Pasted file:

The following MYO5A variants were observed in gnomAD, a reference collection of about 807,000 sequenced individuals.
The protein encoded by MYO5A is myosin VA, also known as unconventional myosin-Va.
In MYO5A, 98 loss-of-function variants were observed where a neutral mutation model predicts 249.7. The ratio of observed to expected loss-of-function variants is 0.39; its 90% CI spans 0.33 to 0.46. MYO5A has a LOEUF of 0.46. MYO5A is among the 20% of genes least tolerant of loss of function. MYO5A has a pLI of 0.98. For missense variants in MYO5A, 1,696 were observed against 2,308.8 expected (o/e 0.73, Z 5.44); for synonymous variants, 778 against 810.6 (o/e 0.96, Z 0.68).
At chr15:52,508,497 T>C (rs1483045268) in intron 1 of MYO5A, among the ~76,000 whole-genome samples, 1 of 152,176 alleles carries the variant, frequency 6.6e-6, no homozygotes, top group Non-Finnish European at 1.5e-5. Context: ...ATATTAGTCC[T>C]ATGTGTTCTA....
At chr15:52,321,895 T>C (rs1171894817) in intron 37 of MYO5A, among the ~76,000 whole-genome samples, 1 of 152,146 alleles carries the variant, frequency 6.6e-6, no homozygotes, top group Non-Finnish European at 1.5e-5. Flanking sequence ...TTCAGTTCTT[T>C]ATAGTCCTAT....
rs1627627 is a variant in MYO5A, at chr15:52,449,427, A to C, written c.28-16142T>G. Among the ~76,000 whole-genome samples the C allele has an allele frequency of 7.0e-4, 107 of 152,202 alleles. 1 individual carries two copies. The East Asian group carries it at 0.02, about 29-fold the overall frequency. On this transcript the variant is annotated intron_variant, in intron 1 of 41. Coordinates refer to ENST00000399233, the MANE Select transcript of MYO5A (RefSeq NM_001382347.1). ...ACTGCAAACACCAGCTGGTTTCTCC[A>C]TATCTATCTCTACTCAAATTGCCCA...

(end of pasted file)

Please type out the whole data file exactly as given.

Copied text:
The following MYO5A variants were observed in gnomAD, a reference collection of about 807,000 sequenced individuals.
The protein encoded by MYO5A is myosin VA, also known as unconventional myosin-Va.
In MYO5A, 98 loss-of-function variants were observed where a neutral mutation model predicts 249.7. The ratio of observed to expected loss-of-function variants is 0.39; its 90% CI spans 0.33 to 0.46. MYO5A has a LOEUF of 0.46. MYO5A is among the 20% of genes least tolerant of loss of function. MYO5A has a pLI of 0.98. For missense variants in MYO5A, 1,696 were observed against 2,308.8 expected (o/e 0.73, Z 5.44); for synonymous variants, 778 against 810.6 (o/e 0.96, Z 0.68).
At chr15:52,508,497 T>C (rs1483045268) in intron 1 of MYO5A, among the ~76,000 whole-genome samples, 1 of 152,176 alleles carries the variant, frequency 6.6e-6, no homozygotes, top group Non-Finnish European at 1.5e-5. Context: ...ATATTAGTCC[T>C]ATGTGTTCTA....
At chr15:52,321,895 T>C (rs1171894817) in intron 37 of MYO5A, among the ~76,000 whole-genome samples, 1 of 152,146 alleles carries the variant, frequency 6.6e-6, no homozygotes, top group Non-Finnish European at 1.5e-5. Flanking sequence ...TTCAGTTCTT[T>C]ATAGTCCTAT....
rs1627627 is a variant in MYO5A, at chr15:52,449,427, A to C, written c.28-16142T>G. Among the ~76,000 whole-genome samples the C allele has an allele frequency of 7.0e-4, 107 of 152,202 alleles. 1 individual carries two copies. The East Asian group carries it at 0.02, about 29-fold the overall frequency. On this transcript the variant is annotated intron_variant, in intron 1 of 41. Coordinates refer to ENST00000399233, the MANE Select transcript of MYO5A (RefSeq NM_001382347.1). ...ACTGCAAACACCAGCTGGTTTCTCC[A>C]TATCTATCTCTACTCAAATTGCCCA...